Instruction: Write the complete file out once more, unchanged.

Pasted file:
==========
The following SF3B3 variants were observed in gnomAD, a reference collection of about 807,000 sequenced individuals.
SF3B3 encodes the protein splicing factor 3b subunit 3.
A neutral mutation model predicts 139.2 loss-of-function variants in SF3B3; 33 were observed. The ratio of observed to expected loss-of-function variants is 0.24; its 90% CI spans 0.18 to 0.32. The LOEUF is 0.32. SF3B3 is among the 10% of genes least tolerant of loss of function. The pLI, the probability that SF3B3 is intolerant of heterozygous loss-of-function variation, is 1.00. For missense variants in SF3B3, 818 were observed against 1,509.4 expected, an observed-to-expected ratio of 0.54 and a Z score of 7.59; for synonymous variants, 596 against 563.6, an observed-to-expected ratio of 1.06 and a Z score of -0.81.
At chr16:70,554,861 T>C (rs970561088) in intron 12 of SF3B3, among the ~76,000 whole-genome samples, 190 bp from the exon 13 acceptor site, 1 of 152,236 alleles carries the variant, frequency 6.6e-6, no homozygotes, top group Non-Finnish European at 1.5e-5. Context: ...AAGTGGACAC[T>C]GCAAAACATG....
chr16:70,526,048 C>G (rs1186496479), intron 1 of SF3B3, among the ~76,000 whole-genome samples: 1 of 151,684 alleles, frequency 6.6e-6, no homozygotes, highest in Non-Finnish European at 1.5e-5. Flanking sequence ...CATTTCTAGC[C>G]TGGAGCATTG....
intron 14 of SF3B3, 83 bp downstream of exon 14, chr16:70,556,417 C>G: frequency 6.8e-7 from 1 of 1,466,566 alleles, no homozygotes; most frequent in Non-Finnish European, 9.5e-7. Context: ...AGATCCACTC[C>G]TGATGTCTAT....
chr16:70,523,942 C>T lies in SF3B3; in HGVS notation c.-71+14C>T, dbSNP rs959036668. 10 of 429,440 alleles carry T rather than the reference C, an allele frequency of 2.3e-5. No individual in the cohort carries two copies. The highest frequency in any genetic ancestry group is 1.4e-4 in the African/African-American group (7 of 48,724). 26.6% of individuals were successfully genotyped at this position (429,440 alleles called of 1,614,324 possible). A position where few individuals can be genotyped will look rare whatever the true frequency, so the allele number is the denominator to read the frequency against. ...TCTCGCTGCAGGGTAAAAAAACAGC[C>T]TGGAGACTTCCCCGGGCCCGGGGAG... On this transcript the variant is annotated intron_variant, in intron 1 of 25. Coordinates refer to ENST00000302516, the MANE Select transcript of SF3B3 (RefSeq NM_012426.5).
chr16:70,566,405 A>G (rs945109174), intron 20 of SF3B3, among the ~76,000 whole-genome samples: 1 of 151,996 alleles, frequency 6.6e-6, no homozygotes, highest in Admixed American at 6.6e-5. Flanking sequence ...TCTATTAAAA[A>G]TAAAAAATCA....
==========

The following SF3B3 variants were observed in gnomAD, a reference collection of about 807,000 sequenced individuals.
SF3B3 encodes the protein splicing factor 3b subunit 3.
A neutral mutation model predicts 139.2 loss-of-function variants in SF3B3; 33 were observed. The ratio of observed to expected loss-of-function variants is 0.24; its 90% CI spans 0.18 to 0.32. The LOEUF is 0.32. SF3B3 is among the 10% of genes least tolerant of loss of function. The pLI, the probability that SF3B3 is intolerant of heterozygous loss-of-function variation, is 1.00. For missense variants in SF3B3, 818 were observed against 1,509.4 expected, an observed-to-expected ratio of 0.54 and a Z score of 7.59; for synonymous variants, 596 against 563.6, an observed-to-expected ratio of 1.06 and a Z score of -0.81.
At chr16:70,554,861 T>C (rs970561088) in intron 12 of SF3B3, among the ~76,000 whole-genome samples, 190 bp from the exon 13 acceptor site, 1 of 152,236 alleles carries the variant, frequency 6.6e-6, no homozygotes, top group Non-Finnish European at 1.5e-5. Context: ...AAGTGGACAC[T>C]GCAAAACATG....
chr16:70,526,048 C>G (rs1186496479), intron 1 of SF3B3, among the ~76,000 whole-genome samples: 1 of 151,684 alleles, frequency 6.6e-6, no homozygotes, highest in Non-Finnish European at 1.5e-5. Flanking sequence ...CATTTCTAGC[C>G]TGGAGCATTG....
intron 14 of SF3B3, 83 bp downstream of exon 14, chr16:70,556,417 C>G: frequency 6.8e-7 from 1 of 1,466,566 alleles, no homozygotes; most frequent in Non-Finnish European, 9.5e-7. Context: ...AGATCCACTC[C>G]TGATGTCTAT....
chr16:70,523,942 C>T lies in SF3B3; in HGVS notation c.-71+14C>T, dbSNP rs959036668. 10 of 429,440 alleles carry T rather than the reference C, an allele frequency of 2.3e-5. No individual in the cohort carries two copies. The highest frequency in any genetic ancestry group is 1.4e-4 in the African/African-American group (7 of 48,724). 26.6% of individuals were successfully genotyped at this position (429,440 alleles called of 1,614,324 possible). A position where few individuals can be genotyped will look rare whatever the true frequency, so the allele number is the denominator to read the frequency against. ...TCTCGCTGCAGGGTAAAAAAACAGC[C>T]TGGAGACTTCCCCGGGCCCGGGGAG... On this transcript the variant is annotated intron_variant, in intron 1 of 25. Coordinates refer to ENST00000302516, the MANE Select transcript of SF3B3 (RefSeq NM_012426.5).
chr16:70,566,405 A>G (rs945109174), intron 20 of SF3B3, among the ~76,000 whole-genome samples: 1 of 151,996 alleles, frequency 6.6e-6, no homozygotes, highest in Admixed American at 6.6e-5. Flanking sequence ...TCTATTAAAA[A>G]TAAAAAATCA....